Intangible assets bring value to your business. As they are non-material assets, it can be tricky to price them. The most popular intangible asset is data, goodwill, patents, and intellectual property, defined as creations of the mind and challenging to compare with other similar intellectual properties.

Similarly, another well-known intangible asset is business reputation. A good reputation can positively impact a business, thus adding value to it and attracting buyers or investors. A company’s reliability and integrity can determine long-term business success.

A few other significant considerations while business value is the strength of the customer base and the brand.

4. People

When we think of business valuation, we jump directly to the financial part to ensure that businesses have a monetary value. But, people/staff in a business or the current management structure is crucial, especially for potential buyers. It helps the buyer understand if they can leave the business to the current management or be involved in day-to-day management.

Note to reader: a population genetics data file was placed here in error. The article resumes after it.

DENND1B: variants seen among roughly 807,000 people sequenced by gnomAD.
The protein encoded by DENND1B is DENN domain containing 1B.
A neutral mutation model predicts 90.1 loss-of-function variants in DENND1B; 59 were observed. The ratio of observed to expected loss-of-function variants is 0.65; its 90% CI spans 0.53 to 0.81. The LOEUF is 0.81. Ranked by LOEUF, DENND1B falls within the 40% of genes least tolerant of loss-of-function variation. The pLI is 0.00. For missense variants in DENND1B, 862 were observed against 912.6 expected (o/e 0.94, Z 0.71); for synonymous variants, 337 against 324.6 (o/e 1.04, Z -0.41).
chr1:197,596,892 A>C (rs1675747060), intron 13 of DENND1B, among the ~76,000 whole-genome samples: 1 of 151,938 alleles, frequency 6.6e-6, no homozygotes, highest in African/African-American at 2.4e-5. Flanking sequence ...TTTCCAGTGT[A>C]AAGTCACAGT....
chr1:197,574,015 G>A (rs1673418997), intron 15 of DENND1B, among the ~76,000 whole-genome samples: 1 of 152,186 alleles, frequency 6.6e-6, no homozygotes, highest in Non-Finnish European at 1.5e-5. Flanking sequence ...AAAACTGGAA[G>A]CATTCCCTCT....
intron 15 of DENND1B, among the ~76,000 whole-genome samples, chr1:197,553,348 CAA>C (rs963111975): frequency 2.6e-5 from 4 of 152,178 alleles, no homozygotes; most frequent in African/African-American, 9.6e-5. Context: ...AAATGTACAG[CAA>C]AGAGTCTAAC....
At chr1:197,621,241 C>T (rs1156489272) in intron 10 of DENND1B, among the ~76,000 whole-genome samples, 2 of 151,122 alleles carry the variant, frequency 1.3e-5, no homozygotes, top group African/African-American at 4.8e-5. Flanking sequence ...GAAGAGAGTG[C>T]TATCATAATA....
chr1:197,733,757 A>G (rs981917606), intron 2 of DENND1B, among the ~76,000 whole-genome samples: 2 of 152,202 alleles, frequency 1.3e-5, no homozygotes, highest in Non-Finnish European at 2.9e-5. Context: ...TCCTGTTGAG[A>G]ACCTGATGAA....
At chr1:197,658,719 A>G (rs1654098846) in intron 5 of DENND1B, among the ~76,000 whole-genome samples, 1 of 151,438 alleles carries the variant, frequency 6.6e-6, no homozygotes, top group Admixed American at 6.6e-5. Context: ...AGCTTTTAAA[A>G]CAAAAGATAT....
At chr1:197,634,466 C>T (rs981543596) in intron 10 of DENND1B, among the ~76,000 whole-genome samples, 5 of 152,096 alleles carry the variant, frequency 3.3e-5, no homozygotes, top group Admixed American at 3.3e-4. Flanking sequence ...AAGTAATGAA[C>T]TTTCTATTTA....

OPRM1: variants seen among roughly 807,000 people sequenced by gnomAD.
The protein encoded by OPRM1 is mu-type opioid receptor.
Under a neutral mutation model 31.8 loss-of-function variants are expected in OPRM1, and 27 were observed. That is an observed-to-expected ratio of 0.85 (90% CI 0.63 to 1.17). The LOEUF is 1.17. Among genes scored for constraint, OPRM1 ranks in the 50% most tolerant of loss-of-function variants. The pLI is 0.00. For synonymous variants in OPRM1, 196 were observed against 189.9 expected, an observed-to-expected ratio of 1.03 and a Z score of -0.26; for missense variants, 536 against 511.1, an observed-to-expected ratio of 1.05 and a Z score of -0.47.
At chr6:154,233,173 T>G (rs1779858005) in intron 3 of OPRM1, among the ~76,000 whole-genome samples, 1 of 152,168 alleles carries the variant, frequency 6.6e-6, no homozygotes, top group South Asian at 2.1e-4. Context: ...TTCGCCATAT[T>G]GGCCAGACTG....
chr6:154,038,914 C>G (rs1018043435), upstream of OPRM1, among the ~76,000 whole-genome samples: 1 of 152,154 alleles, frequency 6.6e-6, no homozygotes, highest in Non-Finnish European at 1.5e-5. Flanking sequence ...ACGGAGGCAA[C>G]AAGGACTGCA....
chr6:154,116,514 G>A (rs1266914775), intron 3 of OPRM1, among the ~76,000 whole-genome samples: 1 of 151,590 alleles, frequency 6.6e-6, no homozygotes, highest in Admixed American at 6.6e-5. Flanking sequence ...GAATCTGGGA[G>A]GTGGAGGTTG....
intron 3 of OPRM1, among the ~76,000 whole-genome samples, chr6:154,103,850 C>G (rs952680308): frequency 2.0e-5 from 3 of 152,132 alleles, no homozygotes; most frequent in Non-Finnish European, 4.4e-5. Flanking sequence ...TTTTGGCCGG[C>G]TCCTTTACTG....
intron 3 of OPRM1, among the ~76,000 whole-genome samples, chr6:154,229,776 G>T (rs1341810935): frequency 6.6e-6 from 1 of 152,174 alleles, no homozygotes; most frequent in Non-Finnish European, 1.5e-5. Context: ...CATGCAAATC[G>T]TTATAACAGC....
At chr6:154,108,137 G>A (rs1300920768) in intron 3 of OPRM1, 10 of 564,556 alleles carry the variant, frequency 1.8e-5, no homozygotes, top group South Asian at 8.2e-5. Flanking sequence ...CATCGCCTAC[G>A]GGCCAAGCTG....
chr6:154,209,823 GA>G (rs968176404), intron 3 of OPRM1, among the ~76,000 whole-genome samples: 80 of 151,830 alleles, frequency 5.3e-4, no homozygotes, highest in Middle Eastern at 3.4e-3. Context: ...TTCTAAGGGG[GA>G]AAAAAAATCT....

It also includes the knowledge of the type of owner’s involvement in running the business and the staff’s cost and needs.

5. Market

Considering the market your business operates in is crucial when valuing a business. The market can be an established one with stability or an upcoming market. Understanding the industrial trends can help owners make an informed valuation of the business that considers assets and the value of the current market.

You can compare the sales and purchases of other businesses in the same market to determine a reasonable selling price which can assist in rapidly growing companies and industries. Comparison with competitors helps you understand your business’s special or unique characteristics.

How to value a business?

There are numerous factors in business valuation. No fixed way can determine the value of a business; however, its actual value is the amount someone is willing to pay.

1. Asset valuation

To calculate the Net Book Value or NBV, you subtract the total liabilities from the sum of tangible and intangible assets.

It is good to regularly update the asset records of the business to consider inflation, depreciation and appreciation while calculating total asset value.

2. The industry rule of thumb

Certain industries have this specific way of calculating business valuations. For example, you can value an IT or accounting business by multiples of its turnover or gross recurring fees (GRF), while retail or food and beverage companies depend on the number of outlets, customer volume, and others.